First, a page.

I loved roaming the ship, but was a little surprised at how easily it seemed that a person could fall overboard, there wasn’t much between you and the swiftly passing deep blue sea, very close below. Some of the sailors told us that it actually happened a few days earlier. They didn’t say whether the unlucky sailor was recovered or not.
Every morning I was awakened (early) to the sound of the crew “swabbing” the teakwood decks (yes most of the decks were teakwood not metal). This process included each sailor having a block of some abrasive material about the size of a large bar of soap. They scrubbed this block along the deck with a “broom handle” looking thing that wasn’t fastened in any way that I could see to the abrasive block. They did this early every morning. There was also the incessant metalic sound of other sailors using a hammer and chisel tool to chip away at rust that seemed to appear and reappear every day on all external metal surfaces. This was a very noisy operation as heard from my quarters. There was also daily practice firing of the many 5 inch guns, several of which seemed to be so close to my quarters that the room shook. And they were loud, very loud … early every morning.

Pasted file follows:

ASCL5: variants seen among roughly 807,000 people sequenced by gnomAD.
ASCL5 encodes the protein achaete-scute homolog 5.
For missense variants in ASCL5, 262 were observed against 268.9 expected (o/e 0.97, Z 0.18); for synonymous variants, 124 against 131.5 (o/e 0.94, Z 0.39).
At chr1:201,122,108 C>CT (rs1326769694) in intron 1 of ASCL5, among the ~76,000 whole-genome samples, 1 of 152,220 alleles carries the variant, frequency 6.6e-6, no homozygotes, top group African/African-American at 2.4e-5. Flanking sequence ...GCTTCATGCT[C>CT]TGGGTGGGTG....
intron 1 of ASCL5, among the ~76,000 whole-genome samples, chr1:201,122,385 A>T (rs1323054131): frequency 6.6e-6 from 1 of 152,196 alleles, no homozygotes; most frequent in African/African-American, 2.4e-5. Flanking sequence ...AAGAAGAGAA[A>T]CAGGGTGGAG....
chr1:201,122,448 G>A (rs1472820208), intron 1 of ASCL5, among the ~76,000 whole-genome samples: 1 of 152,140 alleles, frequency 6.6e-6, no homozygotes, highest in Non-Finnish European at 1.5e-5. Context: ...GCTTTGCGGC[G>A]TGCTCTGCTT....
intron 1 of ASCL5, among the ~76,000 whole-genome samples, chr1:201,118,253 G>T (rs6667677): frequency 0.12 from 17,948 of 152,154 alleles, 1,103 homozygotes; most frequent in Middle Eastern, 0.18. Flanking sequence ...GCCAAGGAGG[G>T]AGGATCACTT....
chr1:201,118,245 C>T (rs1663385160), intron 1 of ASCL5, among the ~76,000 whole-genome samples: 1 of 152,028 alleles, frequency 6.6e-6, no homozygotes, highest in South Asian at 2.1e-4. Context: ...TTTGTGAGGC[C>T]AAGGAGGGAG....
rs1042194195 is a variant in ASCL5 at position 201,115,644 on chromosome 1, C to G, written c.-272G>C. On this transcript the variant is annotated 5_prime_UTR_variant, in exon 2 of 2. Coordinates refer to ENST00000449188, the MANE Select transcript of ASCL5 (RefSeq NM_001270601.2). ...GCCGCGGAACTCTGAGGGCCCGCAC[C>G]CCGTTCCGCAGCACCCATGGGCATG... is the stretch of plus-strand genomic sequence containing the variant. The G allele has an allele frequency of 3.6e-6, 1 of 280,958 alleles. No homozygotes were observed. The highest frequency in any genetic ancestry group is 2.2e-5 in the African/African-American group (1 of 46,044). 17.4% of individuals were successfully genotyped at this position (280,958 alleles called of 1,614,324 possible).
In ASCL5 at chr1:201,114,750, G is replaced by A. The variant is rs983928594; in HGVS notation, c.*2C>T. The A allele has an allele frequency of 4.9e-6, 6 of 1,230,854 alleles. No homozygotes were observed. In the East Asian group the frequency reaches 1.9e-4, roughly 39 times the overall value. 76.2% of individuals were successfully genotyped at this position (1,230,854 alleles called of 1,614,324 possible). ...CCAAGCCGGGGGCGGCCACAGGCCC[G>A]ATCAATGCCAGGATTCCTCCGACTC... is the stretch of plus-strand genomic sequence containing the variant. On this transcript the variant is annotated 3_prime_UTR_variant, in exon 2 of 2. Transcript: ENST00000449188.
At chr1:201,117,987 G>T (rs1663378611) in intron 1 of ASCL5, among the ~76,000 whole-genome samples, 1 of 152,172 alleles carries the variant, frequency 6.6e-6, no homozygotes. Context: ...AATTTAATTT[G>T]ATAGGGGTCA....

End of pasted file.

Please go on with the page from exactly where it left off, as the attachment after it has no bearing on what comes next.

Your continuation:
But the real pyrotechnics was when they fired the big 16 inch guns. The ship had 3 turrets of these with 3 guns on each turret. Each shell fired weighed more than 2000 pounds and could be fired up to 26 miles. When these guns went off you could feel it throughout the whole ship and they were so loud that if you were caught outside close to one when it went off, it could affect your hearing. It did mine, to this day I still have a faint “ringing” in my ears from it.
After about 6 days we had to refuel the “smallish” but fast destroyer that had accompanied us this far. The destroyer would then turn around and go back to Pearl Harbor.
I was told that the New Jersey carried enough fuel to go around the world, so we could afford to refuel the destroyer.
This was when we also transferred the mail including my letter home. If you look closely at the picture on the left you can pretend that you see my letter to my wife buried in that little orange thing being passed between the ships. There was also one officer that had to go back to Pearl Harbor so he was in a “chair” on that line after the mail was transferred. I thought that would be a bit of a scary ride.